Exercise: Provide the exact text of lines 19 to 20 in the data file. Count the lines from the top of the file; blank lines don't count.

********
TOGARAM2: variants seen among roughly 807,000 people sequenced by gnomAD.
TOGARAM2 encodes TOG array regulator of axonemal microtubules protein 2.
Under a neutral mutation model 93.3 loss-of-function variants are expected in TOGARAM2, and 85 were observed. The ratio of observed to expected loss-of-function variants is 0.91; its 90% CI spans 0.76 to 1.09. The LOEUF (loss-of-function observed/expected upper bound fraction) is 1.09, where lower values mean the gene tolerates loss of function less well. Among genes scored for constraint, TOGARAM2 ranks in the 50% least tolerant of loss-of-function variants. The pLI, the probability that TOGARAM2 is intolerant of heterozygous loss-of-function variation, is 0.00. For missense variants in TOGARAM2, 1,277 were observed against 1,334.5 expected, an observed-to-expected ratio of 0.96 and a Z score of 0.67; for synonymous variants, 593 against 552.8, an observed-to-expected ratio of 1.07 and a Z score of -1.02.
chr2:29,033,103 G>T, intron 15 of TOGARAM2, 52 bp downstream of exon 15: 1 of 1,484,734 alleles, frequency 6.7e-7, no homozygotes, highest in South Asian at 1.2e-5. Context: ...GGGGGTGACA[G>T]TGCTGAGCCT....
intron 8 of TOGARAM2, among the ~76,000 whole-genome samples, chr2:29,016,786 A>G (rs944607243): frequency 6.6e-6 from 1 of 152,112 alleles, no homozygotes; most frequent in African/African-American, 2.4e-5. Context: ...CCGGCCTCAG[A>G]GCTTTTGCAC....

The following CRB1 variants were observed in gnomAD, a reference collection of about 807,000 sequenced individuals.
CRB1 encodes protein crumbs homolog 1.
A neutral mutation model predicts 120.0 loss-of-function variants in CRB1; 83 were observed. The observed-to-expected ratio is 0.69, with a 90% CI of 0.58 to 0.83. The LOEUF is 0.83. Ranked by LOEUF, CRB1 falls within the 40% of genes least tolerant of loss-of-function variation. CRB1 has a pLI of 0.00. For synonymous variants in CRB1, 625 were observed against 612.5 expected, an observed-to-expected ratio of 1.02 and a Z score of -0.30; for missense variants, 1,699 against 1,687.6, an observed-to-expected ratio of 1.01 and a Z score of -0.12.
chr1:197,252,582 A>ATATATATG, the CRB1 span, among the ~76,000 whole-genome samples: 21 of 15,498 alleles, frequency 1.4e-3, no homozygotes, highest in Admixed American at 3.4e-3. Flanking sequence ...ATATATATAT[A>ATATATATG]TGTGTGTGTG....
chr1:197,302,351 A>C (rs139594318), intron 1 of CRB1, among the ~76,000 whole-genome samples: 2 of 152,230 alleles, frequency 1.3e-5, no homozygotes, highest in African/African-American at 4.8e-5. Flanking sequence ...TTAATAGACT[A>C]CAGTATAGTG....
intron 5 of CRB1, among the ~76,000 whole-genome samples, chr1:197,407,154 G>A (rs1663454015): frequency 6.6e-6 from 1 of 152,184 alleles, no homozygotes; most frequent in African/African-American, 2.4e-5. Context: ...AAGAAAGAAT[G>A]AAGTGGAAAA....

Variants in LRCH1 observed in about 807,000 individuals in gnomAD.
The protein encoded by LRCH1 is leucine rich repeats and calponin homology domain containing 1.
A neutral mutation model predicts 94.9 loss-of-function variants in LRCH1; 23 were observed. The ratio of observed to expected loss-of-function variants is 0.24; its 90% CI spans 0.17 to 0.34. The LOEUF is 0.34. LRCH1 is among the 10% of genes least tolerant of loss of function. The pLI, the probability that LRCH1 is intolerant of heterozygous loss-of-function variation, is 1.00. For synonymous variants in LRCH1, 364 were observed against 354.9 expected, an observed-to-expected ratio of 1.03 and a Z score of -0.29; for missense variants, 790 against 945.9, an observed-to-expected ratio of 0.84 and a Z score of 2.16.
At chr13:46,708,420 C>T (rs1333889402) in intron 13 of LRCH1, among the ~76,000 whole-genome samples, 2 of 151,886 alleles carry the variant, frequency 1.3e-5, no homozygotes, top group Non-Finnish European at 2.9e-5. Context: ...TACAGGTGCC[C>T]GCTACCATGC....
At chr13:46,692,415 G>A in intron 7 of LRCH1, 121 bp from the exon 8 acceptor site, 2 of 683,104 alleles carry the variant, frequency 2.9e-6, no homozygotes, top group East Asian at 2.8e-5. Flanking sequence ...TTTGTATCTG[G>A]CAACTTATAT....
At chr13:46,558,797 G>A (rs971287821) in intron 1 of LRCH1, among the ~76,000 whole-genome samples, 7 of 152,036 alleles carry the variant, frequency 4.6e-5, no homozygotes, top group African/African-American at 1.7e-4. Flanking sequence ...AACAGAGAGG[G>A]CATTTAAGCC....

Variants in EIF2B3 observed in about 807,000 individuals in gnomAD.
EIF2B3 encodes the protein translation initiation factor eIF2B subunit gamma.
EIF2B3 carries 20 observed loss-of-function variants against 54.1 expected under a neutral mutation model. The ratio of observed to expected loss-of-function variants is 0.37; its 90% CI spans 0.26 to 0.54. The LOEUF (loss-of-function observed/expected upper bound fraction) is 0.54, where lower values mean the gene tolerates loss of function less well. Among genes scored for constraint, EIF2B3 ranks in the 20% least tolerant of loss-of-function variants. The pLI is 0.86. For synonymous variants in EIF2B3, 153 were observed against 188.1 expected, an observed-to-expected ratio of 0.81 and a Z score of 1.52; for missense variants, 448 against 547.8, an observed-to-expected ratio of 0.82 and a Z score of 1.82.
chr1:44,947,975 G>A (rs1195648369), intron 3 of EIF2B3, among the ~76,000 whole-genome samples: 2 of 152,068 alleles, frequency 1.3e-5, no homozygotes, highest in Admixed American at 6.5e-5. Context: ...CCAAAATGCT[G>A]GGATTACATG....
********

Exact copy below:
EIF2B3 encodes the protein translation initiation factor eIF2B subunit gamma.
EIF2B3 carries 20 observed loss-of-function variants against 54.1 expected under a neutral mutation model. The ratio of observed to expected loss-of-function variants is 0.37; its 90% CI spans 0.26 to 0.54. The LOEUF (loss-of-function observed/expected upper bound fraction) is 0.54, where lower values mean the gene tolerates loss of function less well. Among genes scored for constraint, EIF2B3 ranks in the 20% least tolerant of loss-of-function variants. The pLI is 0.86. For synonymous variants in EIF2B3, 153 were observed against 188.1 expected, an observed-to-expected ratio of 0.81 and a Z score of 1.52; for missense variants, 448 against 547.8, an observed-to-expected ratio of 0.82 and a Z score of 1.82.